Moorcroft - One Hundred Years of History in the Making

Moorcroft - One Hundred Years of History in the Making

This year Moorcroft are marking their centenary with a travelling exhibition put together out of pottery, drawings and written archive material loaned by the Moorcroft Museum.

In this way, the art pottery would be seen to have reached out to its audience in the United Kingdom to show, with just 100 exhibits, how Moorcroft sprang to life in 1913 and why it is still alive to this day.

Translated into Latin, the words 'at my own wish' become Meo Voto, the name given to a timeless poppy design by its creator, Rachel Bishop and right through to the 30th June 2014, Meo Voto will travel with the Centennial Exhibition wheresoever it goes. At each museum and gallery where the exhibition puts down its roots, Meo Voto will be there. Moorcroft Meo Voto

For the people of Staffordshire, their only chance of acquiring this highly collectable vase, complete with centenary backstamp will be at The Potteries Museum during the two day launch event on the 8th and 9th November 2013.

Designed on the 41/4 shape (height 4"/10cm), Meo Voto has its origins in the 'big poppy' designs of William Moorcroft dating back to the mid 1920s. There is a strongly-held view that William used his 'big poppies' to reflect his mood at the time.

In his biography of the artist-potter, Behind the Glaze, author, Neil Swindells, draws attention to the fact that many big poppy pieces have dark blue ground colours - even black, whilst others spring to joyous life in shades of yellow, rich cream or gold.

Rachel's poppies in Meo Voto are large, coloured in shades of dark crimson with yellow stamens set against a milky pink ground colour.

The impact of William Moorcroft on ceramic design is almost immeasurable. At a stroke, the gilded excesses of Victorian life were swept aside and in their place came landscapes, flowers, colourful toadstools and even fish, all symbols of the natural world, and together they became heralds of the birth of the Arts and Crafts Movement.

If anything, it was landscape design which first caught the imagination of the high society of late Victorian England. First registered in September 1902, landscape design regularly appeared in William's work right through to the early 1940s.Logo Moorcroft

Some say that it was adapted to suit his moods: others that it was adapted to reflect the era in which it was re-introduced and in 2013, William's original Dawn design has been taken from its archives at Moorcroft as a tribute to its founding father, William Moorcroft himself. Called Second Dawn, two versions of William's iconic landscape design are available, each of them designed on the timeless 32/5 shape (height 5”/12.5cm).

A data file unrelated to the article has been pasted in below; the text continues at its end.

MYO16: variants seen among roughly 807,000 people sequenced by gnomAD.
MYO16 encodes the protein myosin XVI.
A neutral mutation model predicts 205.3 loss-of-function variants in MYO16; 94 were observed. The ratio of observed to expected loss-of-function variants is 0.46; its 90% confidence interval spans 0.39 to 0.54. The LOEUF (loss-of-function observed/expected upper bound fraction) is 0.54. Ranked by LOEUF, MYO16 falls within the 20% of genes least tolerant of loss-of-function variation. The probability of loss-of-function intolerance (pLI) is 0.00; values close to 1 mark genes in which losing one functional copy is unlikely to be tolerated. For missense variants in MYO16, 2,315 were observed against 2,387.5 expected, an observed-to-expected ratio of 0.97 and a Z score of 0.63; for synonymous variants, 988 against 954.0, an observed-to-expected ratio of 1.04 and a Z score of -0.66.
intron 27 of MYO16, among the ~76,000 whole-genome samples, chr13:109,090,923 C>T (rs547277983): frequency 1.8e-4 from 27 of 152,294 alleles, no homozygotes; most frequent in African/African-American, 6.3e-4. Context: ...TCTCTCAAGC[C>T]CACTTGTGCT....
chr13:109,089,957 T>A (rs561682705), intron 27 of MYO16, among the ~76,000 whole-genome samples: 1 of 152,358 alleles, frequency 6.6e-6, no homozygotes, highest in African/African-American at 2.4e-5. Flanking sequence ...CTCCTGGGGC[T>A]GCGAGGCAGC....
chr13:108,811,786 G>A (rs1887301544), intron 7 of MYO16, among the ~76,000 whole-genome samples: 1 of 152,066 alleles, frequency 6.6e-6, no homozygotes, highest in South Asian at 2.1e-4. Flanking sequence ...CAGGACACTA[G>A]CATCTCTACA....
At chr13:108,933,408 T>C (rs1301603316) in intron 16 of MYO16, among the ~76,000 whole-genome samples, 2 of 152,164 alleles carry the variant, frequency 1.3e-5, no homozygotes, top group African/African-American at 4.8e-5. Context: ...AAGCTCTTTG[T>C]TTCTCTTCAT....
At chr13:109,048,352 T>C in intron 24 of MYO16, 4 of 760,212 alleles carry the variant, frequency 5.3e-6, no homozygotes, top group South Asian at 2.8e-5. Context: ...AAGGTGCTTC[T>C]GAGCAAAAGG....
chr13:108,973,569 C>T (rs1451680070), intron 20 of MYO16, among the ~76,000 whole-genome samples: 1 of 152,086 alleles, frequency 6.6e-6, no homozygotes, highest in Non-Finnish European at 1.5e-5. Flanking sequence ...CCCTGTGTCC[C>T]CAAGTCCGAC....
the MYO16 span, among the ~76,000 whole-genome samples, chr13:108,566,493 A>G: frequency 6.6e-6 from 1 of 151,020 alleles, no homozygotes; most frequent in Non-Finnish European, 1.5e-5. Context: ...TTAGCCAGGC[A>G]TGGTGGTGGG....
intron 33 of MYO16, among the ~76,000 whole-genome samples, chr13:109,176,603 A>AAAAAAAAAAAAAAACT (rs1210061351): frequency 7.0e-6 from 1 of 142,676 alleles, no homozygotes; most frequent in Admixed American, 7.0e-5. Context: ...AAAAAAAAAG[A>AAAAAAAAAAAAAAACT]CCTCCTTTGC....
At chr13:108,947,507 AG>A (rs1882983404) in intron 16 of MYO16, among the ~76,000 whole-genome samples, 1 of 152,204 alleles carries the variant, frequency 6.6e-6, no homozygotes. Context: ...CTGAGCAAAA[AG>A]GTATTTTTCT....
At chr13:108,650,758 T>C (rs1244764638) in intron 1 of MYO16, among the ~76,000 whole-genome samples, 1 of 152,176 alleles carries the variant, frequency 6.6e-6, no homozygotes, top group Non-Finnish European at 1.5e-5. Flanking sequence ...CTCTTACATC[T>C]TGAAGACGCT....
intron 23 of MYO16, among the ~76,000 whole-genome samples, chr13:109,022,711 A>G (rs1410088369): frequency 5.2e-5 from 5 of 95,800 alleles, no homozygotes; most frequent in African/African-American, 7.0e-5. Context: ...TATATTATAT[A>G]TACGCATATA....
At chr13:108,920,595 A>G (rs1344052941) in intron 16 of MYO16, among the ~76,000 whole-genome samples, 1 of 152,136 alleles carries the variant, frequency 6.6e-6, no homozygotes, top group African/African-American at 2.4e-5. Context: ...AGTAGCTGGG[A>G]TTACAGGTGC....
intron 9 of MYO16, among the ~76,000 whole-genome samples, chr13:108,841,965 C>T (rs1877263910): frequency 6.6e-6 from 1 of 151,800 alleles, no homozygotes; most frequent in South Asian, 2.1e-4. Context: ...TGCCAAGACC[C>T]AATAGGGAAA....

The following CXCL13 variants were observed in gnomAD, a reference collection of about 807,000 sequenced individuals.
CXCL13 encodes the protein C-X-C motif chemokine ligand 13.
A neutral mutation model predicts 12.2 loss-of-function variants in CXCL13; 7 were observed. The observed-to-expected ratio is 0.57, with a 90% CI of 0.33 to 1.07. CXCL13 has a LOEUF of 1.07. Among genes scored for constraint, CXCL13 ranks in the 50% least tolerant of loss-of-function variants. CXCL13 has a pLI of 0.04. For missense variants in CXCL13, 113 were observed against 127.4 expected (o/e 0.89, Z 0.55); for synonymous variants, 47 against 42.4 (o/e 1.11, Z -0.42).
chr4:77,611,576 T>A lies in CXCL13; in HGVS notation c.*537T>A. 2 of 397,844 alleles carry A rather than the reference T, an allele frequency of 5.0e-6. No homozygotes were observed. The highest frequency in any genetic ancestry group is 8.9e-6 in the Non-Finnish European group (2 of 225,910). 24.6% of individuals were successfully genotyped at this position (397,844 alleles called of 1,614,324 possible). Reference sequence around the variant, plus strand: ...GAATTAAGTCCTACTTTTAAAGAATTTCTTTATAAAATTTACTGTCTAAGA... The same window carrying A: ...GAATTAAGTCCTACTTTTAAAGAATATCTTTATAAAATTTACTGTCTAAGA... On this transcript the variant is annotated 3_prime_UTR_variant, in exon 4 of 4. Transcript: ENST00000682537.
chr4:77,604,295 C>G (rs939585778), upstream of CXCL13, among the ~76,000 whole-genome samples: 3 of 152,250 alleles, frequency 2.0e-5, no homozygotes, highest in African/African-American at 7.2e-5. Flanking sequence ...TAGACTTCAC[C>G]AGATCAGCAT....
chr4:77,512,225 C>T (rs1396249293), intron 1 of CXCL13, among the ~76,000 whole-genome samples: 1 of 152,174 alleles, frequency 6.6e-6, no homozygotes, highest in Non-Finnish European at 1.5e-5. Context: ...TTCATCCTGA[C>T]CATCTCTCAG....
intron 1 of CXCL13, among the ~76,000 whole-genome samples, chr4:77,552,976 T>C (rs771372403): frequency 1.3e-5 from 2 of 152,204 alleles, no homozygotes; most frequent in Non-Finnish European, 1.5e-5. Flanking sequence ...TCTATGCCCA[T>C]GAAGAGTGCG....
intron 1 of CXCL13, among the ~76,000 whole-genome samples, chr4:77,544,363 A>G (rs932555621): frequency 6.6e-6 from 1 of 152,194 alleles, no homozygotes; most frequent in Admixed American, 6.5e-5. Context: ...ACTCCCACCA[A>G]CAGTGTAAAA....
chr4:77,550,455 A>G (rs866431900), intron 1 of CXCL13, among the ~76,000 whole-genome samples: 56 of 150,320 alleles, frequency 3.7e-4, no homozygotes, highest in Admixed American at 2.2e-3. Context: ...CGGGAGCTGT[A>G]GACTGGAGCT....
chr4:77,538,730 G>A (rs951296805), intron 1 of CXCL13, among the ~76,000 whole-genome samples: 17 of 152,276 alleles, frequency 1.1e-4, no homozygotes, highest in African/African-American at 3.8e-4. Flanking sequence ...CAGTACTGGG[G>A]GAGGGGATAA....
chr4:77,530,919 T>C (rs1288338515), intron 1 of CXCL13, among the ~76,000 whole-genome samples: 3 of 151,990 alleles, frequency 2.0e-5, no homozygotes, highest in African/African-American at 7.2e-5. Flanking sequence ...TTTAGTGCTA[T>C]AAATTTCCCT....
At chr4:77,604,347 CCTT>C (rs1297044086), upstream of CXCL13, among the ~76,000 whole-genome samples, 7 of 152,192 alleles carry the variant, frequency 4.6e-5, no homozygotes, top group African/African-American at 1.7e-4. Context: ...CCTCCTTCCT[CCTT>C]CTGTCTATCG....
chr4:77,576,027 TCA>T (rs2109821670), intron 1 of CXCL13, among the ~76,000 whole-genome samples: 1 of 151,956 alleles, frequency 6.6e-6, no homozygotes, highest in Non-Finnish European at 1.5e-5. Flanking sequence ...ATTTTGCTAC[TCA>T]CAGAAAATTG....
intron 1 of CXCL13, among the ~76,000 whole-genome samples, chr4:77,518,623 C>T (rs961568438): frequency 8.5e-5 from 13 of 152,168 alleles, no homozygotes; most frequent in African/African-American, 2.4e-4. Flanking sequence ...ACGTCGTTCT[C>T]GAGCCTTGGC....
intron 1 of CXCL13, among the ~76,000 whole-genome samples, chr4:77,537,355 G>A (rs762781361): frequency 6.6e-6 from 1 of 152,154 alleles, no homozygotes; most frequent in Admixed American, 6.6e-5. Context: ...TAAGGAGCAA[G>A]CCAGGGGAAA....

Both are released as numbered editions; both would have been originally made c1928, the year W. Moorcroft Limited acquired its Royal Warrant, and both carry the geometric chevron symbols which William used to fleetingly acknowledge the Art Deco fashions of the time.

Even so, the two vases move down separate colour pathways. The first uses the almost hallowed 'blue-on-blue' colourway which first appeared in 1897/8, whilst the second comes with a rare depth of colour added to its clotted-cream clay body in the form of the rich autumnal shades of William Moorcroft's Eventide design.Moorcroft Royal Arrival

Priced at £295 (blue) and £395 (Eventide), the Second Dawn duo are likely to have a strong collector following. As a result, Moorcroft is sadly obliged to reserve the right to discontinue one or both designs at any time without notice.

A new Legacy Collection is rumoured to be launched upon the Centenary anniversary of the day Moorcroft's factory opened her doors. This collection will be on display from 16th September 2013 at the Moorcroft Heritage Visitor Centre and Museum. All pieces will hold Centenary Backstamps and limited editions are set to sell out quickly during this celebratory period.

To celebrate the birth of the Duke and Duchess of Cambridge's first child, the third in line to the throne, comes a numbered edition vase designed by Nicola Slaney.

A Royal Arrival HRH Prince George of Cambridge is the latest piece in what has become a veritable Royal Collection of commemorative Moorcroft art pottery. The new born prince is depicted fast asleep in the grounds of Windsor Castle. A smile creeps across Prince George's face upon the revelation that yes, tiny prince, this vase has been created by Moorcroft especially for you.

A Royal Arrival is available to order until 31st December 2013 from authorised Moorcroft retailers worldwide. Made entirely by hand in Stoke-on-Trent, England, since 1897, for collectors around the world.

For more informaton visit

Moorcroft - One Hundred Years of History in the Making

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